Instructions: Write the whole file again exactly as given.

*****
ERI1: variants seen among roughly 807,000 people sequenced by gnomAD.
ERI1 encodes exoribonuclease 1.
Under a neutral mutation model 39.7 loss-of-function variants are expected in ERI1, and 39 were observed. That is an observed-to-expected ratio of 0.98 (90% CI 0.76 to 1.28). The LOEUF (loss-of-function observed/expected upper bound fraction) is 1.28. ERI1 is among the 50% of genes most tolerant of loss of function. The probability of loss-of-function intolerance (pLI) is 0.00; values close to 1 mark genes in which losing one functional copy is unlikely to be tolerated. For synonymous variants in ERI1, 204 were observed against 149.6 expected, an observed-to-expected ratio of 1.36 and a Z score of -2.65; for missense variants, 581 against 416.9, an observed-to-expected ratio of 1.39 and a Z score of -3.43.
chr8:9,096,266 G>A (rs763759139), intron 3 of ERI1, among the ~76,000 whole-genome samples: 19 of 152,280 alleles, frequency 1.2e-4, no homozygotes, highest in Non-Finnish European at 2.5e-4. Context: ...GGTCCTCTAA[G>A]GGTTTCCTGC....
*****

ERI1: variants seen among roughly 807,000 people sequenced by gnomAD.
ERI1 encodes exoribonuclease 1.
Under a neutral mutation model 39.7 loss-of-function variants are expected in ERI1, and 39 were observed. That is an observed-to-expected ratio of 0.98 (90% CI 0.76 to 1.28). The LOEUF (loss-of-function observed/expected upper bound fraction) is 1.28. ERI1 is among the 50% of genes most tolerant of loss of function. The probability of loss-of-function intolerance (pLI) is 0.00; values close to 1 mark genes in which losing one functional copy is unlikely to be tolerated. For synonymous variants in ERI1, 204 were observed against 149.6 expected, an observed-to-expected ratio of 1.36 and a Z score of -2.65; for missense variants, 581 against 416.9, an observed-to-expected ratio of 1.39 and a Z score of -3.43.
chr8:9,096,266 G>A (rs763759139), intron 3 of ERI1, among the ~76,000 whole-genome samples: 19 of 152,280 alleles, frequency 1.2e-4, no homozygotes, highest in Non-Finnish European at 2.5e-4. Context: ...GGTCCTCTAA[G>A]GGTTTCCTGC....